On June 13, Fresno County Superior Court Judge Carlos Cabrera sustains Fresno County’s demurrer to Diana Kirby’s pre-emption challenge and dismisses the case.


Supervisors reduced, but did not eliminate, a $26,000 fine imposed against a Squaw Valley property owner whose tenant was allegedly growing marijuana. The cannabis wasn’t discovered until a repossessed trailer was opened in Tulare County. A $99,000 fine was imposed against another grower, even though no plants were found on his Laton-area property when the citation was issued by Fresno sheriff’s deputies. The latter case is being appealed in Fresno County Superior Court.

The Fresno Cannabis Association conducted an online survey to gather input on Senate Bill 1262, which would have created a state agency to regulate medical cannabis. Survey results.


Fresno Cannabis Association sent a letter of opposition to SB 1262 to Central Valley lawmakers. Three FCA members traveled to the state Capitol to attend the annual lobbying day sponsored by Americans for Safe Access. The controversial bill passed the state Senate but failed to pass the Assembly Appropriations Committee.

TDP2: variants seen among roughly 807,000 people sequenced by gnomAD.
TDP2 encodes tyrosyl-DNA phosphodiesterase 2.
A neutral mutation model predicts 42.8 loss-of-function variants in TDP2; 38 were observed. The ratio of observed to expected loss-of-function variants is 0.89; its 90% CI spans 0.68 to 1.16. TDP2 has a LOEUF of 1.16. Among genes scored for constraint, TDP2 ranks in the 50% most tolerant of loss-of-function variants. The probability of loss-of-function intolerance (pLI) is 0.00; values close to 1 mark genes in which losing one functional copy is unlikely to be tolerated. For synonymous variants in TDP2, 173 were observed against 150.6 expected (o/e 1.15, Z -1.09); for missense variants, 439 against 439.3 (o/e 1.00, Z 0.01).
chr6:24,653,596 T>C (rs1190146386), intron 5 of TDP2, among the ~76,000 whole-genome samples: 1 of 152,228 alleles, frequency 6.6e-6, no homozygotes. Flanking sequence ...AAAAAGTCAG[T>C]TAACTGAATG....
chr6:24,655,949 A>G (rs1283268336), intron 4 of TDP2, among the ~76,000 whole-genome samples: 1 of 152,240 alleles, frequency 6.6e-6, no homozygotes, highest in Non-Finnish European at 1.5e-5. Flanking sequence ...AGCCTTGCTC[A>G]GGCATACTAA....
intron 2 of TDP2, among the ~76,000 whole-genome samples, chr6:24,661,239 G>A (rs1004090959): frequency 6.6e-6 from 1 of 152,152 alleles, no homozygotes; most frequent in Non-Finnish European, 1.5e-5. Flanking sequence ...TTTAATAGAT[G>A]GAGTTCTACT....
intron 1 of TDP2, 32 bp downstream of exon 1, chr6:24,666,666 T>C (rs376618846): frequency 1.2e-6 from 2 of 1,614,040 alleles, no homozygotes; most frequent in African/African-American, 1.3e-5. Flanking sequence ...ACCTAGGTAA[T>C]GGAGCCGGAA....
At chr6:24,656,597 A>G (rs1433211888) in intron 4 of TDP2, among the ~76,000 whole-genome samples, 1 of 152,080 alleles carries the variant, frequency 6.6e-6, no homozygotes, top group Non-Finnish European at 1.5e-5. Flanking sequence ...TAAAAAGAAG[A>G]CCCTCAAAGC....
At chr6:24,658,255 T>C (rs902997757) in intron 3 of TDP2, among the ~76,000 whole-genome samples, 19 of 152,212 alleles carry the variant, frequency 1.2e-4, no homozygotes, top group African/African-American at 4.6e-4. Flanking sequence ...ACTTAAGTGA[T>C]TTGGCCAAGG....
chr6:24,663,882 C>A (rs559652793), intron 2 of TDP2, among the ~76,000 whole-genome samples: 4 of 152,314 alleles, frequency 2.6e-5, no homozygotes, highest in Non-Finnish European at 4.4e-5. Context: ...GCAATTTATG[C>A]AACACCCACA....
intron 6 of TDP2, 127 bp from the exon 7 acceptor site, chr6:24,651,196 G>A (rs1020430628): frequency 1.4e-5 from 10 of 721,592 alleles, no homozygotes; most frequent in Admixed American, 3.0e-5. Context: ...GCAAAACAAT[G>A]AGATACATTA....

Diana Kirby’s attorney files an appeal of Judge Cabrera’s dismissal of her case to the Fifth Appellate District on August 15.


Complaints about an April 19 concert by 420 band Berner in Woodward Park — some concertgoers were reportedly smoking cannabis — reached the office of Fresno City Council Member Lee Brand. In September, he introduced a new ordinance prohibiting the use of controlled substances on city property, including medical cannabis. Brand’s fellow council members didn’t back his play, however, so the proposal was effectively shelved.


Fresno supervisors held a special meeting to consider 12 appeals of fines totaling more than $1.7 million. The contentious hearings featured appearances by several non-growing property owners and their attorneys, and several of the fines are under court appeal.

On Sept. 29, Judge Cabrera dismissed the lawsuit filed by the ACLU.

In Kings County, the Corcoran City Council votes to approve a total cultivation ban.


The ACLU attorneys representing Joan Byrd and Susan Juvet file notice of appeal of Judge Cabrera’s dismissal of their case to the Fifth Appellate District on October 27.

In Tulare County, the Porterville City Council approves an ordinance allowing small-scale cultivation, provided a city permit is obtained among other requirements.